Categories: Tectonics;

Asteroid 2017 HJ passes the Earth.

Sciency Thoughts | 22 April, 2017
Asteroid 2017 HJ passed by the Earth at a distance of  135 700 km (0.35 times the average distance between the Earth and the Moon, 0.09% of the average distance between the Earth and the Sun), slightly before 5.45 am GMT on Wednesday 16 April 2017. There was no danger of the asteroid hitting us, though had it done so it would have presented no threat. 2017 HJ has an estimated equivalent diameter of 6-20 m (i.e. it is estimated that a spherical object with the same volume would be 6-20 m in diameter), and an object of this size would be expected to explode in an airburst (an explosion caused by superheating from friction with the Earth's atmosphere, which is greater than that caused by simply falling, due to the orbital momentum of the asteroid) in the atmosphere between 35 and 22 km above the ground, with only fragmentary material reaching the Earth's surface.
Categories: Apollo Group Asteroids; Asteroids; Near Earth Asteroids; Solar System;

March for Science in Perth Australia with Professor Phil Bland

The Traveling Geologist | 22 April, 2017
Professor Phil Bland is a ARC Laureate Fellow at Curtin University and lead scientist of the Desert Fireball Network. Him and his team use cutting edge ground-based camera systems to identifying and recovering meteorites with the goal of calculating the orbits of recovered meteorites to their source regions and parent bodies in the Solar System. He delivered the following speech at the March for Science event in Perth, Australia on 22 April 2017.
Categories: Phil Bland; Recent; March for Science; philosophy of science;

Toledo March for Science

Terra Central | 22 April, 2017
Off to Toledo to March for Science! Updates later this morning!
Categories: Uncategorized;

Explosion kills three workers at Rajasthan granite mine.

Sciency Thoughts | 22 April, 2017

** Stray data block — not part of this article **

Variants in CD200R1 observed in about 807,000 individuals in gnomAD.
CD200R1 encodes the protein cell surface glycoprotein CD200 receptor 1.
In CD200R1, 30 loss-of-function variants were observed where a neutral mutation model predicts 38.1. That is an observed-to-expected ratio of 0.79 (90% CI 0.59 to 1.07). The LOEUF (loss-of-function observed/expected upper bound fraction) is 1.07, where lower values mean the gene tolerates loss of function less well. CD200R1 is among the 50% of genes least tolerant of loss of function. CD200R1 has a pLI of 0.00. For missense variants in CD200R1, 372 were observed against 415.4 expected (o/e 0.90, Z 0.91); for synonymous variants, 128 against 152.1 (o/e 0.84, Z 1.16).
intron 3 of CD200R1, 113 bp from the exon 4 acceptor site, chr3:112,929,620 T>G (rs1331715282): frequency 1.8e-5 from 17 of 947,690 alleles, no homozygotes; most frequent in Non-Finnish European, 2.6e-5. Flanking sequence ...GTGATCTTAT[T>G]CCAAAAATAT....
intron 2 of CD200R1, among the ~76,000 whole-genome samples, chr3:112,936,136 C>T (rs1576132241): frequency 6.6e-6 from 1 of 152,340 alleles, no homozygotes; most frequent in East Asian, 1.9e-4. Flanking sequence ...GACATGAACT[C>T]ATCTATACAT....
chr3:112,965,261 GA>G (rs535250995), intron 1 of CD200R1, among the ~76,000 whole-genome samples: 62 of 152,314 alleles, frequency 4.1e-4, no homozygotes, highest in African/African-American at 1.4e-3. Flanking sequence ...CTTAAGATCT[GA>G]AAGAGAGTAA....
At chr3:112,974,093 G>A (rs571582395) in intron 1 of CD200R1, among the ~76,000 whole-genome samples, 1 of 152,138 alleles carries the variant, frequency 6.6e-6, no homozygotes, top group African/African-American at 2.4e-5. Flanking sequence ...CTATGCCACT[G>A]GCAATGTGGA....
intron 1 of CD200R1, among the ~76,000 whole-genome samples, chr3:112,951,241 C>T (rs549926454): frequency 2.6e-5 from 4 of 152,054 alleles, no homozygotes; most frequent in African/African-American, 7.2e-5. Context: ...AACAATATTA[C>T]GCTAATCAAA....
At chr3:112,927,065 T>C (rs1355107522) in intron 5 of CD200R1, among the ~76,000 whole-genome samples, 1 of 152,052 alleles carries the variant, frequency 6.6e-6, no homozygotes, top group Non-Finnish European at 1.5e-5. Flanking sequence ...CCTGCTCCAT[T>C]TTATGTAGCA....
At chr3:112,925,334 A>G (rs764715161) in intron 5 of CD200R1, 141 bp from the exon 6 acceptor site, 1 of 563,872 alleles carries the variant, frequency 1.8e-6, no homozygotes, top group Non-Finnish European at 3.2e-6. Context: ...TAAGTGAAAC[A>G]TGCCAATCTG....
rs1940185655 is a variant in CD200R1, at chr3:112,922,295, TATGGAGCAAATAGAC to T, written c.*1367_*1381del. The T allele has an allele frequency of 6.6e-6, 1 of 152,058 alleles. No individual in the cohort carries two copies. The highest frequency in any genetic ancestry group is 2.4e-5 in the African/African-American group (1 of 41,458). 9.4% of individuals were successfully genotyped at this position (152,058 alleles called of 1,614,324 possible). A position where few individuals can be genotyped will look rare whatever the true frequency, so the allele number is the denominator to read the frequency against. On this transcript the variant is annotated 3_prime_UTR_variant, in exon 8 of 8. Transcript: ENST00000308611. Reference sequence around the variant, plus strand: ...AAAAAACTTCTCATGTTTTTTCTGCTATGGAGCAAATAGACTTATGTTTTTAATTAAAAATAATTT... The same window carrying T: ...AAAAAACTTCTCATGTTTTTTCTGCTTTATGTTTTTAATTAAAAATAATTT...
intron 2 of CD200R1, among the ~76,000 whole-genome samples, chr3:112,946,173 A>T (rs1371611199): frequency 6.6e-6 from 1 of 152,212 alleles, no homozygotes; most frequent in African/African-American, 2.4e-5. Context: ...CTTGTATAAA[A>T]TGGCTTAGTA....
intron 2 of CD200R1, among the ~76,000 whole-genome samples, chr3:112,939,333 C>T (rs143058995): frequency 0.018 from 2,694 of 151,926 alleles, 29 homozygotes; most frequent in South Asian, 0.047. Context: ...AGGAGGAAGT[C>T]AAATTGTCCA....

Three workers have been killed and several more are being treated following an explosion at a granite mine near Dhavala in the Jalore District of Rajasthan on Monday 17 April 2017. The incident reportedly happened after one of the men attempted to cut a fuse wire with a rock rather than a pair of metal scissors. The dead men have been identified as Ramesh Kumar Koli, 40, and Jaisaram Koli, 32, both hailing from Sirohi district, and Mahendra Meena, 20, of Udaipur.
Categories: Granite; Health and Safety; India; Jalore District; Mining; Rajasthan;

There has been an Aquilopsing – have you felt it?

Cryptic Aquilops, by Brian Engh. Available as a poster print - see below.
Categories: Aquilops; Art; Brian Engh; James Herrmann; life restorations; stinkin' ornithischians; timely;

March for Science: Wellington, New Zealand

The Landslide Blog | 22 April, 2017
Today, my last day in New Zealand for this visit, I was honoured to be able to attend the Wellington March for Science. Its geographic position means that New Zealand has kicked off a global series of events - I think over 600 are planned.  The Wellington March for Science was  one of the three that happened this morning; Auckland follows this afternoon.  The event was well-attended in glorious, fabulous sunshine - Wellington was at its very best.  The crowd initially assembled at the Civic Square:
Categories: Photo gallery; featured; march for science;

The Bad Neighbour

Watershed Moments | 22 April, 2017
Last fall I spent a couple of hours one sunny afternoon digging holes in the gravel at the edge of our driveway and dropping in daffodil bulbs. The work paid off - in the past few weeks a mix of daffodil flowers have been nodding their yellow heads...
Categories: Watershed Moments 3.0; confrontation; moving; neighbours; noise; people; quiet;

Tropical Storm Arlene spins up in the north Atlantic — two months before the average date of the first named storm of hurricane season

ImaGeo | 22 April, 2017
Is climate change playing any role in an apparent lengthening of the hurricane season? It's way early for hurricane season to start, but that's precisely what happened yesterday with the formation of Tropical Storm Arlene in the far northern Atlant...
Categories: None

Schloenbachia varians Fossil

This image is of a Schloenbachia varians (J. Sowerby) ammonite fossil from the Late Cretaceous Period (Lower Cenomanian). Found in the Chalk Marl Varians Zone Evershot Dorset England. Displayed at the British Natural History Museum London as of A...
Categories: ammonite; British Natural History Museum; Cretaceous; england;